After last year’s horrific natural disasters, Japan’s government moved away from continuing the child subsidy programme that was introduced in 2009 to try and encourage the Japanese people to have more babies (we blogged about that here). Now, it is unsurprising that a year later the Earthquake is still having economic repercussions, but its effects are again being linked to the wider demographic problem that is threatening to sink Japan.
According to The Telegraph:
“Official data to be released overnight is expected to show the country ran a deficit of about $24bn (£15.4bn) in 2011, and has been running a structural shortfall of $3bn a month since the tsunami shut down most of Japan’s nuclear industry.”
This is largely because Japan relied on nuclear power for 29% of its electricity before the Fukushima disaster, and had plans to boost this to 50% by 2030. However, after the nuclear scare last year:
“Japan has switched to imports of liquefied natural gas and other fossil fuels, with a fourfold rise in oil demand this year by its utilities. This has had major knock-on effects on the country’s trade structure, a shift that is likely to endure.”
Societe Generale’s Takuji Okoba has predicted that the trade deficit would become a “chronic feature” of Japan’s economy in the coming years which is raising questions about the sustainability of Japan’s public debt which will reach 238% of GDP this year (around 1,010 trillion yen or £8.3 trillion).
“Japan has relied on its trade surplus as a safety buffer, helping to preserve calm even as public debt balloons…The concern is that confidence in Japan’s debt trajectory could evaporate fast. Tokyo’s R&I rating agency stripped Japan of its AAA rating in December, warning that Europe’s crisis has brought sovereign debt risk into sharper focus. Japan has lagged the rest of the G7 in mapping a path back to fiscal rectitude. Its budget deficit will be 7.6pc of GDP this year, with tax revenues covering just half government spending.”
While the earthquake and tsunami can be blamed as the proximate causes of Japan’s trade deficit, they have merely brought forward the crisis that the country’s demography would have triggered in the near future:
“The disaster has brought forward the erosion of Japan’s trade surpluses that would have happened anyway as the country’s demographic crunch turns serious…The household savings rate has dropped to 2pc from 16pc at the end of Nikkei boom 20 years ago. The country’s largest pension fund has become a net seller of Japanese bonds to meet pay out demands.“
New figures recently released by Japan’s health and welfare ministry have underlined the seriousness of Japan’s demographic collapse – a collapse even more serious than that of Bulgaria – and subsequent economic disaster. As reported by The Guardian:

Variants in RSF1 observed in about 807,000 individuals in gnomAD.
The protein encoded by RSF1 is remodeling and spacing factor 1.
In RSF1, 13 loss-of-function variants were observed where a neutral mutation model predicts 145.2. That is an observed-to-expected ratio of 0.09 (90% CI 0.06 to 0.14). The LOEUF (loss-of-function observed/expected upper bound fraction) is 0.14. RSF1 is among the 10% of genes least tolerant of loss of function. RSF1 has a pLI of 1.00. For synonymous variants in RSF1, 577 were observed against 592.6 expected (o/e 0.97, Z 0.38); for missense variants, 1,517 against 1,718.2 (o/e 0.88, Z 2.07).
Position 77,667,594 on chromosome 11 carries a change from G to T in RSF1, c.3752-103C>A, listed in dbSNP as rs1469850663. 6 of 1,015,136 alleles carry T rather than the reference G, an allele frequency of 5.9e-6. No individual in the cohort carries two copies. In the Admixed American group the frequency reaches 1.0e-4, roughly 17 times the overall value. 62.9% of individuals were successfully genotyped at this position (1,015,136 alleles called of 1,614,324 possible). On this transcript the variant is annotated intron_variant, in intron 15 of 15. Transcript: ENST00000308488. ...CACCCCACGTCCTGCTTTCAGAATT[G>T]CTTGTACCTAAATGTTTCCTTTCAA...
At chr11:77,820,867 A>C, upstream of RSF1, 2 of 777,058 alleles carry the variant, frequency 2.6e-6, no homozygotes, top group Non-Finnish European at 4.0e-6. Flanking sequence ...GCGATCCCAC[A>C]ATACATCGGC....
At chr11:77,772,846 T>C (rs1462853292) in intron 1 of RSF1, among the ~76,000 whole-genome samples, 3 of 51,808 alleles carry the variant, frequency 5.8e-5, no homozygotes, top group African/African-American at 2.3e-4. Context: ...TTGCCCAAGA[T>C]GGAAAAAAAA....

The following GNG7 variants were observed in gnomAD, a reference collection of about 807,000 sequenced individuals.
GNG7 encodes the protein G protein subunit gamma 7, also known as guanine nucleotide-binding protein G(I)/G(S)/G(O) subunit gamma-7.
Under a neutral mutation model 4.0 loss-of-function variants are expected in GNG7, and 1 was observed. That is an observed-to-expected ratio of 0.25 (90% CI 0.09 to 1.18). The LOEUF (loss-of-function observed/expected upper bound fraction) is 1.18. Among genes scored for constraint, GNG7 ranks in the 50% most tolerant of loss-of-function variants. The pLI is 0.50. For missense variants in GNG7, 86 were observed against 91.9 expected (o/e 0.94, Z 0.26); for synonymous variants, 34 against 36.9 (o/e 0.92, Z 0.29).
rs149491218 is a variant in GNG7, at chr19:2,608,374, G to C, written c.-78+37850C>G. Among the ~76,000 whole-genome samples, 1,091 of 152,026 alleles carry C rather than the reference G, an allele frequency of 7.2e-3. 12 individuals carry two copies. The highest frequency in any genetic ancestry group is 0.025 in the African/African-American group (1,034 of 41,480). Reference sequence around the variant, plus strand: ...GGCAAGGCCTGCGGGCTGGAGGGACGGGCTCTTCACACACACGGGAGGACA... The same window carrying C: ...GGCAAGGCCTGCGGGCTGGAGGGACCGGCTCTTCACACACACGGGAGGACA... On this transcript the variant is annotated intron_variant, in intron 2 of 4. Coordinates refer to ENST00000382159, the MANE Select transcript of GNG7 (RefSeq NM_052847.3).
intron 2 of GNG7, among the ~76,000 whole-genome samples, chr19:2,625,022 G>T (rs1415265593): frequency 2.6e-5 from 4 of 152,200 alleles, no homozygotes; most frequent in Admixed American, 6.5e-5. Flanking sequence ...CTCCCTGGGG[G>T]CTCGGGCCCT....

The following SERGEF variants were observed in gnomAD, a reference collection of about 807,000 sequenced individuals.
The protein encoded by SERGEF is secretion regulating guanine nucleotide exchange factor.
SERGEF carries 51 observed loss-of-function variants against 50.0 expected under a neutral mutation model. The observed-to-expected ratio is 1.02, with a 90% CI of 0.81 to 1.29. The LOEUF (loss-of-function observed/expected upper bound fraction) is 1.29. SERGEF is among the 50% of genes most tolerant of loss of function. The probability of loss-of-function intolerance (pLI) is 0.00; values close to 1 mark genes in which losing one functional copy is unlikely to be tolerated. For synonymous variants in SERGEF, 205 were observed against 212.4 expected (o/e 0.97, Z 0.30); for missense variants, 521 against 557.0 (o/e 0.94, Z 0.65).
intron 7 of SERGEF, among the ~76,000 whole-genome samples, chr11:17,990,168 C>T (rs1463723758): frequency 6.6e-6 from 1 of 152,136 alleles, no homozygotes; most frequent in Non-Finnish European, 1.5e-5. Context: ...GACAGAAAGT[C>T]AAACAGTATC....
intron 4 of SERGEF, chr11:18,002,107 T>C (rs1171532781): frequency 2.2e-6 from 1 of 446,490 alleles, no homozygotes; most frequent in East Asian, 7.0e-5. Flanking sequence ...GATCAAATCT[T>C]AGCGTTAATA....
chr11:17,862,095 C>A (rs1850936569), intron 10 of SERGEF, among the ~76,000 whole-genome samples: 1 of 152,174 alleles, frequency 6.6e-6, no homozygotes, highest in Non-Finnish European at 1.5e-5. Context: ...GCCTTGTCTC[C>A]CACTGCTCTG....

“Japan’s population of 128 million will shrink by a third, and over-65s will account for 40% of people by 2060, placing an ever-increasing burden on the working-age population to support the country’s social security and tax systems.
The new figures…also showed that the national workforce of people between the ages of 15 and 65 will shrink to about half of the total population…The national institute of population and social security research, which produced the estimates, said Japan was the world’s fastest-ageing country, and with its birth rate among the lowest, its population decline would be among the steepest globally in the coming decades.”
This steep demographic decline is expected to reach a drop in population of one million Japanese a year – a simply staggering figure that surely is unique in the history of nations in peacetime. With birth rates expected to continue to hover at 1.35-1.4 children per woman, and the average life expectancy expected to rise over the coming decades, it is little wonder that politicians are trying to overhaul its social security and tax systems:
“The Japanese Prime Minister, Yoshihiko Noda, has pledged to push for social security and tax reforms this year. A bill he promised to submit by the end of March would raise the country’s 5% sales tax in two stages – to 8% in 2014 and 10% by 2015, but opposition both in parliament and among the public is significant.”
Even without such opposition, I can’t imagine that a doubling in sales tax will outweigh losing a third of your population. Demography expert Noriko Tsuya from the Keio University warns that the current Japanese structures (such as pension plans, employment and labour policy, and social security) are not designed to cope with such rapid population decline. Are we about to live through the first suicide of a modern, industrial nation as it fails to re-produce itself? Is there any way that the Japanese can reverse this trend? We should be very worried. Japan may be further down the path, but many other countries (particularly in Europe) are on the same downward slope.